A bill was passed with overwhelming support by the US Congress allowing homes to be searched without any warrant.

When this warrant was passed  by Congress, little was said about it and there was little to no media coverage. On the surface this new bill looks like no big deal, but when you look a little deeper, it violates the basic tenets of the United States Constitution.


It gives the Commission the power to enter a home near the Metro Rail System “without limitation” or a warrant, for the purpose of “making inspections, investigations, examinations, and testing.”

This goes against the Fourth Amendment, which give Americans’ the right “to be secure in their persons, houses, papers, and effects, against unreasonable searches and seizures, shall not be violated, and no warrants shall issue, but upon probable cause.”

From youngcons:

Rep. Justin Amash is raising questions about a bill that passed through Congress without any fanfare and virtually without any press.

From Zero Hedge:

On the surface, House Joint Resolution 76 looks harmless. The title of the bill claims that its purpose is “Granting the consent and approval of Congress for the Commonwealth of Virginia, the State of Maryland, and the District of Columbia to enter into a compact relating to the establishment of the Washington Metrorail Safety Commission.”

“Whereas the Washington Metropolitan Area Transit Authority, an interstate compact agency of the District of Columbia, the Commonwealth of Virginia, and the State of Maryland, provides transportation services to millions of people each year, the safety of whom is paramount; Whereas an effective and safe Washington Metropolitan Area Transit Authority system is essential to the commerce and prosperity of the National Capital region; Whereas the Tri-State Oversight Committee, created by a memorandum of understanding amongst these 3 jurisdictions, has provided safety oversight of the Washington Metropolitan Area Transit Authority.”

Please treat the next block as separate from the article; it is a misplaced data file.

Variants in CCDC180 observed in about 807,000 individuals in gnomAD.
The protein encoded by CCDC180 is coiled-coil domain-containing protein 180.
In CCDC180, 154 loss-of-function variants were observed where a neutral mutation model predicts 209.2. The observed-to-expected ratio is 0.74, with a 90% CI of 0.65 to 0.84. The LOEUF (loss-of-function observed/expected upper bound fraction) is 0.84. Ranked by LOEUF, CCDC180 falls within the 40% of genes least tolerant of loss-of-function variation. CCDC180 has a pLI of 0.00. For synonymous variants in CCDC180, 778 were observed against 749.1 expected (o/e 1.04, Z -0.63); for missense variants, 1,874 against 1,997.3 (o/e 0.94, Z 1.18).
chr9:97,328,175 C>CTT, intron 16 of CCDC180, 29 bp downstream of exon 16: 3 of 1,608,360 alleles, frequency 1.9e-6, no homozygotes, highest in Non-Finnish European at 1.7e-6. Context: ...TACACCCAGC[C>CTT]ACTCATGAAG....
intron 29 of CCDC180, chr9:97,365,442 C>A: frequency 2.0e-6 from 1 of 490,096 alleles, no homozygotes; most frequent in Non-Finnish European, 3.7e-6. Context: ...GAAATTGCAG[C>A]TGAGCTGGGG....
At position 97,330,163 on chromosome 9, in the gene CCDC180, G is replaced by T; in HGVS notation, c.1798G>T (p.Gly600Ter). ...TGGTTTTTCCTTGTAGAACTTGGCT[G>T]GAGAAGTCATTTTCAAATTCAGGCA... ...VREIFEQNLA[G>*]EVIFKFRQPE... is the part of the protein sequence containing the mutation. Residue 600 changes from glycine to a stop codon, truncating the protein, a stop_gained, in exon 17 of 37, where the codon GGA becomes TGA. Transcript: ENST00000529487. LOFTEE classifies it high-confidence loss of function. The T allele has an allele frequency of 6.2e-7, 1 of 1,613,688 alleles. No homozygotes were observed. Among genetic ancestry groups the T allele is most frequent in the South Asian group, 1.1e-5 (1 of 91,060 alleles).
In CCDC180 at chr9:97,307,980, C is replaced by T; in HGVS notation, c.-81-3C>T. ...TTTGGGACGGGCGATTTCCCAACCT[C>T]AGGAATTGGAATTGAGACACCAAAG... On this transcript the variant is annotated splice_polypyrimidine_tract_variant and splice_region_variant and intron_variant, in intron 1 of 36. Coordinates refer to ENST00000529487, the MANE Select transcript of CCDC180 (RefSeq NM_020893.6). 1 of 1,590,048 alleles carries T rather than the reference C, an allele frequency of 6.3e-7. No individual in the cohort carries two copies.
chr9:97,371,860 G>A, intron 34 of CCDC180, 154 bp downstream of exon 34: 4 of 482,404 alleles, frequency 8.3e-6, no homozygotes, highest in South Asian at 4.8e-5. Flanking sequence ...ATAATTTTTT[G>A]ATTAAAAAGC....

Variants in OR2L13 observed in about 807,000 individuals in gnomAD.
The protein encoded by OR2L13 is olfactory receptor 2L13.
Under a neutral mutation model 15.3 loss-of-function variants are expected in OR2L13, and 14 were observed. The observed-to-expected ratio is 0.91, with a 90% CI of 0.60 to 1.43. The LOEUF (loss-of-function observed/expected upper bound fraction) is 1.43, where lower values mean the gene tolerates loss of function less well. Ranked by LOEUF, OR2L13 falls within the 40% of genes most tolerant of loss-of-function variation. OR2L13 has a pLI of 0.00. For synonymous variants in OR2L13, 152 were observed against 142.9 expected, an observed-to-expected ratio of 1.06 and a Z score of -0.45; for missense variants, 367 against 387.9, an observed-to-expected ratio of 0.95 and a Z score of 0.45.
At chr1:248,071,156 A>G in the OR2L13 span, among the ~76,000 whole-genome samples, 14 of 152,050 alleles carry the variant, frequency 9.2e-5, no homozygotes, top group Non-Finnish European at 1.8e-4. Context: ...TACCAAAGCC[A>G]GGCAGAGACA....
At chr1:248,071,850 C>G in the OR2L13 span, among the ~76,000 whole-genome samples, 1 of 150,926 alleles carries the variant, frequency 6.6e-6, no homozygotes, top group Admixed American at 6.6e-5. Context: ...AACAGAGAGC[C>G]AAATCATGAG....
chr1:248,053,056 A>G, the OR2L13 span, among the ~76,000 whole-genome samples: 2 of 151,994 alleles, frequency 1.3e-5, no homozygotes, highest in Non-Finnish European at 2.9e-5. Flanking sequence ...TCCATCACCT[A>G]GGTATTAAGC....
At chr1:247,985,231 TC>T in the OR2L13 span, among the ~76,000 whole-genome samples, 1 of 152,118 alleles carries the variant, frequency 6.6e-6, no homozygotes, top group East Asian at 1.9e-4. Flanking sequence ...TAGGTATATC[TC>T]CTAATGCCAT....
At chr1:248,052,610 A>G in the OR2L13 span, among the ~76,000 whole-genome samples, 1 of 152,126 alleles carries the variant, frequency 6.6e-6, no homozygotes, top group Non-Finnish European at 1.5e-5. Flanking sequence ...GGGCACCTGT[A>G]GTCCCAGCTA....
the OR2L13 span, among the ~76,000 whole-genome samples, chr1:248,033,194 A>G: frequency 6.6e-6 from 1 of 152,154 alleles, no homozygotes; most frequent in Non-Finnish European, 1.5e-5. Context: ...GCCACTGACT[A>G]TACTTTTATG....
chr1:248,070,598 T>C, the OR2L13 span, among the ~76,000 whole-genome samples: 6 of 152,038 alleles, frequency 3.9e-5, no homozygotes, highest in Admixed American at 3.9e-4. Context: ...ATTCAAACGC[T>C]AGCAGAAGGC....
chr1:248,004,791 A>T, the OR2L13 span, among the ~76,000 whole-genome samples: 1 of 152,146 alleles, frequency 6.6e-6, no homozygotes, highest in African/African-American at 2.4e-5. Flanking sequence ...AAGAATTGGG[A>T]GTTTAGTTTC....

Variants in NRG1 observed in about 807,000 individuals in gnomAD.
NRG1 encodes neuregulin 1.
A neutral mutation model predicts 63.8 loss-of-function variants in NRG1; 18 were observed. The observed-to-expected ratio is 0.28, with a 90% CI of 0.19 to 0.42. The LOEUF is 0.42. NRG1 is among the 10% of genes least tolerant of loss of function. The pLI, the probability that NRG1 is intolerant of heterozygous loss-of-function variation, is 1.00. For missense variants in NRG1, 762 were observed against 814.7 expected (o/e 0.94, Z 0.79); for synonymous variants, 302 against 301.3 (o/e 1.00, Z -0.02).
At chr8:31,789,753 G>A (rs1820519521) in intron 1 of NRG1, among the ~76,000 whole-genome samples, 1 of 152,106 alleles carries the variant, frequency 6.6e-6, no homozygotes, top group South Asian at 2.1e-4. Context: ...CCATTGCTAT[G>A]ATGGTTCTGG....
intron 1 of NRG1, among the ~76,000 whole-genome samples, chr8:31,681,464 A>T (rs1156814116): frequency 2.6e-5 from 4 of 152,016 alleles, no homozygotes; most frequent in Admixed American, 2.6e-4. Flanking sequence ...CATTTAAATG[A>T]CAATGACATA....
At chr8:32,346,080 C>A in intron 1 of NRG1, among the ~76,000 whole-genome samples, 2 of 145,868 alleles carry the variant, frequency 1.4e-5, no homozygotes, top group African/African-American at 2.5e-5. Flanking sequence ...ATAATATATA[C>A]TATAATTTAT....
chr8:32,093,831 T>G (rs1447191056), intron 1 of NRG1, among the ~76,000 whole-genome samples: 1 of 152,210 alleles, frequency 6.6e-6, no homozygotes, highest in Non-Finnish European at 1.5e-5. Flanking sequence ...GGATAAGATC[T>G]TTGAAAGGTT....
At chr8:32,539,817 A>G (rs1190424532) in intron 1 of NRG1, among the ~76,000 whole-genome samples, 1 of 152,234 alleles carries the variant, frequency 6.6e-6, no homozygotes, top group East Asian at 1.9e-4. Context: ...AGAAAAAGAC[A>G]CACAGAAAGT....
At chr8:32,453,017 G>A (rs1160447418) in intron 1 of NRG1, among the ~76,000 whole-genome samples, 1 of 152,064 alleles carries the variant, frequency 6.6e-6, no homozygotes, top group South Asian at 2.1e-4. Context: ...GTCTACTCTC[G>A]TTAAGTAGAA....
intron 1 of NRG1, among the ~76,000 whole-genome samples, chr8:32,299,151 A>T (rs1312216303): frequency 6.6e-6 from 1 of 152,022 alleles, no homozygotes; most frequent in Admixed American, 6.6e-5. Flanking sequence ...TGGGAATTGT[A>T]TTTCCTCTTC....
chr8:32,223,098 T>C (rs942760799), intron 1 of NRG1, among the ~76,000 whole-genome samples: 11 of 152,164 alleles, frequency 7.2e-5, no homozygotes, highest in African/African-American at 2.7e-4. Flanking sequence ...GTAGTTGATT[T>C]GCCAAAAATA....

Sounds harmless.

But then comes this part.

“In performing its duties, the Commission, through its Board or designated employees or agents, may: Enter upon the WMATA Rail System and, upon reasonable notice and a finding by the chief executive officer that a need exists, upon any lands, waters, and premises adjacent to the WMATA Rail System, including, without limitation, property owned or occupied by the federal government, for the purpose of making inspections, investigations, examinations, and testing as the Commission may deem necessary to carry out the purposes of this MSC Compact, and such entry shall not be deemed a trespass.”

So they can go into any property nearby the system “without limitation” and without a warrant, for the purpose of “making inspections, investigations, examinations, and testing.”

Someone dropped the ball on the wording of this one, because that definitely sounds like a Fourth Amendment question.

Hence the reason why Amash is having issues with it.

Here are the others who objected.

When the bill was brought to a vote in the House of Representatives, there were only five Congressmen who voted against it: Representatives Justin Amash, a Republican from Michigan; Walter Jones, a Republican from North Carolina; Thomas Massie, a Republican from Kentucky; Alex Mooney, a Republican from West Virginia; and Mark Sanford, a Republican from South Carolina.

The real question is why aren’t others questioning it?

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